anjali mudra prayer gesture

In this guide, we will look at the Anjali mudra position, it’s benefits and meaning This is the same hand gesture used to say “namaste” and in prayer.

If you have ever wondered why people hold their hands in prayer, it is because of Anjali Mudra, a hand gestures with a specific position, meaning and benefits.

The hand gesture didn’t actually originate with prayer. It began with Hinduism and the use of different hand positions to create specific health benefits by utilising the acupressure points in the hands and the science of body language. Amazingly, this position isn’t only used by humans. If you take a look at various nature documentaries, you may even stop animals such as chimps using this hands position naturally.

Thousands of readers have been loving THE DAILY MEDITATION’s guide to mudras.

In the guide, we revealed the history and evolution of these hand gestures, and we shared 60 mudras that all enlightened people should know.

Arguably the single most crucial hand mudra is Anjali, which is one of the most popular types of yoga mudra [READ: The Best Yoga Mudras]

Anjali Mudra In Yoga (Namaste)

If you take yoga classes you’ve probably seen the Anjali mudra before, when your yoga teacher enters the room, just before they say “Namaste.” In physical yoga workouts, the namaste hands position is often combined with different asanas, such as the Sun Salutation and Tadasana.

It’s popular outside yoga too.

For starters, it is the exact same hand position that used in prayer by Christians. Sertainly if you visit a church you will also have seen people making this gesture when performing prayer.

And it is used in  Buddhism, Hinduism and many other religions.

It is even used by non-spiritual people–who doesn’t hold their hands together when they’re asking for a miracle?

There is a reason why this hand gesture is so popular. It is massively beneficial as we’ll see in a minute.

anjali mudra prayer hands

Anjali Mudra Meaning

The Anjali mudra is omnipresent through society.


Even chimps hold their hands together in this gesture.

And because it is so commonplace, it has a lot of different meanings.

In Christianity, the Anjali mudra means something totally different to what it means in yoga. “Prayer hands” actually means repentance and dedication to God.

In yoga, it means “Namaste” [1]. It is a greeting. It says,  “I see the divine in you”.

In Hinduism, it is a greeting commonly used in Southeast Asia that means Namaste (often pronounced “Namaskar”).

It is a popular way of saying hello and farewell, but the hand positions certainly mean much more than just a greeting. The connection of the palms of both hands is said to connect the right and left brain hemispheres and represents unification. It represents the unification of all things. Hence when we make this position to another person it honours both the individual and the person they are making the gesture to.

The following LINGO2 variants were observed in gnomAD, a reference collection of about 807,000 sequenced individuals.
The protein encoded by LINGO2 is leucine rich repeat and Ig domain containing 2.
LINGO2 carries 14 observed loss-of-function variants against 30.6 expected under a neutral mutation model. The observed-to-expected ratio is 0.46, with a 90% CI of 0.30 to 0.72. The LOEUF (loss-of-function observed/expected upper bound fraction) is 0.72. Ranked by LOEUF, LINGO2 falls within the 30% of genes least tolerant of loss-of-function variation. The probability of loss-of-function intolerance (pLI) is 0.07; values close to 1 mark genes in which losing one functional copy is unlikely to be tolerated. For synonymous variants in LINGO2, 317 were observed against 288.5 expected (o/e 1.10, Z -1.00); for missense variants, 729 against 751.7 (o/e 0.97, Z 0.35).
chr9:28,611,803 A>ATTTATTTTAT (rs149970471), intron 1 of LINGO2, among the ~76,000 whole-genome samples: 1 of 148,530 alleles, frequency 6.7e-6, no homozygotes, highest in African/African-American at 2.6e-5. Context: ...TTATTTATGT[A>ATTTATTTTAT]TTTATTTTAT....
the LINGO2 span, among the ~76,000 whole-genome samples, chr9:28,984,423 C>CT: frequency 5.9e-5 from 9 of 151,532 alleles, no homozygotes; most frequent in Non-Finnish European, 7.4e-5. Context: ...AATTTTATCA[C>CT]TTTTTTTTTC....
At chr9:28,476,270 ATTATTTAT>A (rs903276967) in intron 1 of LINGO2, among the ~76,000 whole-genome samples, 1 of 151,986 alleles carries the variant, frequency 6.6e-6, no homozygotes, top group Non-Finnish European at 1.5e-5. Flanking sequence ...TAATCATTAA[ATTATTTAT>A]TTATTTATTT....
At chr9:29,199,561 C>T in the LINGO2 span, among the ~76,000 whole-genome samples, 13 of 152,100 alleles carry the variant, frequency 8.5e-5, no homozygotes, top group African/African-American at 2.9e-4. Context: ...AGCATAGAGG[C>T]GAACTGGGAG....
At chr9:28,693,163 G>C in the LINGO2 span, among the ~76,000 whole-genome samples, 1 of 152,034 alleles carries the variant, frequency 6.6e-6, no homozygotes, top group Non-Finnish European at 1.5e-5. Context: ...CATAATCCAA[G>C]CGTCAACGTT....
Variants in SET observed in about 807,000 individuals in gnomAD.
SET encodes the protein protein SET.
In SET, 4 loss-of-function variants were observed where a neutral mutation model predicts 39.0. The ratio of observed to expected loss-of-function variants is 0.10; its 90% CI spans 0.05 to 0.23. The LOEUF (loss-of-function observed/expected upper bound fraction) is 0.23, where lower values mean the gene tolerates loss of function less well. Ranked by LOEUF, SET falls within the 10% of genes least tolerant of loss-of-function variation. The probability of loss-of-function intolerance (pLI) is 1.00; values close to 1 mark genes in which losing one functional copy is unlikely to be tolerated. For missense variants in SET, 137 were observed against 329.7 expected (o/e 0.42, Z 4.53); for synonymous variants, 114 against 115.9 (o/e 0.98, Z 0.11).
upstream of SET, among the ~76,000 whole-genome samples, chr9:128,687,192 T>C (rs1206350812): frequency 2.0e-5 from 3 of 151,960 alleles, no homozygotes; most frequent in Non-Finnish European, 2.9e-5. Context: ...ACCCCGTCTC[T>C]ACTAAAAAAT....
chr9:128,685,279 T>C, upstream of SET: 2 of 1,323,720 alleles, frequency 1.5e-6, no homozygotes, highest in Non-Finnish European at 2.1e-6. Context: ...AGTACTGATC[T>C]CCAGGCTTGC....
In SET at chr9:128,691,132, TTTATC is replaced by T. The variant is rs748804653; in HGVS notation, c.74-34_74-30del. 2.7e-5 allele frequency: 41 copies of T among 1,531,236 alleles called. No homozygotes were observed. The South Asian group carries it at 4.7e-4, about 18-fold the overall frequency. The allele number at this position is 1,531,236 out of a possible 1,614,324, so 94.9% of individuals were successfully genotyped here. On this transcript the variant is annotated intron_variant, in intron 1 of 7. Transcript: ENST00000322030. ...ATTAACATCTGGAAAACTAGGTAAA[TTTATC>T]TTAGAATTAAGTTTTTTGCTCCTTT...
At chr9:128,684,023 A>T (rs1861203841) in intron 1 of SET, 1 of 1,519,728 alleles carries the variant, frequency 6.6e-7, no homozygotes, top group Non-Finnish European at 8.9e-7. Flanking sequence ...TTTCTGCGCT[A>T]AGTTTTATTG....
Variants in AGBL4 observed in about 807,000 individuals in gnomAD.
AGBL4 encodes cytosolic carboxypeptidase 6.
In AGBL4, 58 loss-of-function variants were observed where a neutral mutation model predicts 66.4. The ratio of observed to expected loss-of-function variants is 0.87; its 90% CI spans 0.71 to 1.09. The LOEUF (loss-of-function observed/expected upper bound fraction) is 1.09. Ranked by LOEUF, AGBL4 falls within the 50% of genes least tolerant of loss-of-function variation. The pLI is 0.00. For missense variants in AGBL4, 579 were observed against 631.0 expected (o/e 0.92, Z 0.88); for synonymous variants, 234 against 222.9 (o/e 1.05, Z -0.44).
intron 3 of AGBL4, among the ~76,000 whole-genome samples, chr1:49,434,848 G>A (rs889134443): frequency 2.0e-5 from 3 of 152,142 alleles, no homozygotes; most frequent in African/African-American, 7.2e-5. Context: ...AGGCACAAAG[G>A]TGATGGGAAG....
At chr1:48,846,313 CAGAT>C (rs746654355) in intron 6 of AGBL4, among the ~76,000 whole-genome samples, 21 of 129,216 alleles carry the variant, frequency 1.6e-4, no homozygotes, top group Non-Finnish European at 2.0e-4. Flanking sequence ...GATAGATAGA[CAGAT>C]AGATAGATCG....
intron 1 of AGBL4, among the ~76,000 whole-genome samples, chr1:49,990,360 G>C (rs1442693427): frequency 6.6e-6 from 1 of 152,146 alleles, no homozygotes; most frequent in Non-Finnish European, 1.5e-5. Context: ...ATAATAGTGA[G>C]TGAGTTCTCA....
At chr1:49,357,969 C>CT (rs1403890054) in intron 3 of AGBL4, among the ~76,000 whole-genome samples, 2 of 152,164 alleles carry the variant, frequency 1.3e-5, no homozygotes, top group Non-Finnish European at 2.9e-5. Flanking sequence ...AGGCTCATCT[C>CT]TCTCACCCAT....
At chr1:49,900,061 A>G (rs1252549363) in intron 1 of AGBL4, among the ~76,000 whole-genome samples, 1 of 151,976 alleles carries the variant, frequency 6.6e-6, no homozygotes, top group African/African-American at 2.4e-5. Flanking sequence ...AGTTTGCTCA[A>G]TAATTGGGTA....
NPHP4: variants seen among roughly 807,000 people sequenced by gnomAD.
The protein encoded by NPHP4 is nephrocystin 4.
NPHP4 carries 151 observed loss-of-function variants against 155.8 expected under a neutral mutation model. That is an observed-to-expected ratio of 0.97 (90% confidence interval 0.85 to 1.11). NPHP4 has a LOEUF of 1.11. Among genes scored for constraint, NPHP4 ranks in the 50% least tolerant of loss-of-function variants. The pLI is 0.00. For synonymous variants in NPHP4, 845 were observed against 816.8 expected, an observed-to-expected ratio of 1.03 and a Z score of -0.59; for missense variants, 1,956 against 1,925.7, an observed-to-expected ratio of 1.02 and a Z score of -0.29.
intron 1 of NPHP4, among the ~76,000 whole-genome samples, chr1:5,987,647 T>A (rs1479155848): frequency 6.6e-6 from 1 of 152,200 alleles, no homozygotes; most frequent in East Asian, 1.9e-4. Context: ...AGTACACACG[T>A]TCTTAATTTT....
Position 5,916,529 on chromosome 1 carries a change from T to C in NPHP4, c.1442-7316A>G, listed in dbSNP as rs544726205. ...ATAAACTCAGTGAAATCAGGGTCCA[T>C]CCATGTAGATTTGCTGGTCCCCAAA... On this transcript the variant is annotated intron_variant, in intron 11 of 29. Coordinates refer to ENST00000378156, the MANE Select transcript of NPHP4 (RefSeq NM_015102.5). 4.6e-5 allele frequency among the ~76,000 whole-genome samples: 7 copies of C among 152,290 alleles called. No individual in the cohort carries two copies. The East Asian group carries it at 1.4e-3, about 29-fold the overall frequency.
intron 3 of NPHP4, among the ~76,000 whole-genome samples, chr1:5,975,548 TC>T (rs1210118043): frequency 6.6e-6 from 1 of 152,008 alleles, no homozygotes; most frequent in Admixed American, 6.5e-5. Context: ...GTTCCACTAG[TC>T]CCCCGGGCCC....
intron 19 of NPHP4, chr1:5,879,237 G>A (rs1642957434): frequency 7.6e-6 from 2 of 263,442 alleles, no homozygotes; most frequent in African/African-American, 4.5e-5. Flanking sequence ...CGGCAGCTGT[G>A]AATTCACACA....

The Hand Gesture

This hand gesture is seen in many different world religions and cultures, and the position always stays the same.

And it is a really easy hand gesture too.

Simply bring the hands together at the palms with the fingers reaching upwards. Now place your hands in front of your heart. The position may also be made with the hands in front of the Crown Chakra (above the head).  When using the sign as a greeting or a show of respect it is often complemented with a slight forward bend.

The Anjali Mudra (Namaste mudra) may be combined with the following yoga poses during physical exercise:

anjali mudra prayer hands (1)
anjali mudra prayer hands (1)

Anjali Mudra Benefits

It isn’t used for just prayer or for saying “Namaste”. The joining together of the palms increases communication between the right and left hemispheres of the brain, which produces a feeling of being centred and aids in focus and concentration.

The benefits of Anjali mudra include:


The anjali mudra or prayer gesture is without doubt one of the most important hand gestures in the world.

It has been used for centuries. And we all know how important it is in various religions.

But did you know about the benefits we looked at above?

The next time you are in yoga class performing your asanas, remember to use the Namaste mudra anytime you need a quick boost or focus and concentration. You might also like to make it at times when you feel stressed because it provides a quick sense of relaxation.

Say “Namaste” to me. Leave a comment and remember to subscribe to our newsletter below.

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One Response

  1. Namaste Paul, ?

    Thank you for this post, I have a couple of question please.

    I will be sending an email to a Shaolin training organisation and would like to use an appropriate and respectful greeting and would appreciate your guidance.

    I am considering using this emoticon ? followed by “Namaste” to open and close my email, is that appropriate?

    Is Anjali or Anjali mudra spoken or written as part of a greeting e.g can one use ? “Anjali” instead of ? “Namaste”?

    Would emoticons likely be considered inappropriate or childish to a Shaolin monk? Should I just use English?

    Kind regards.

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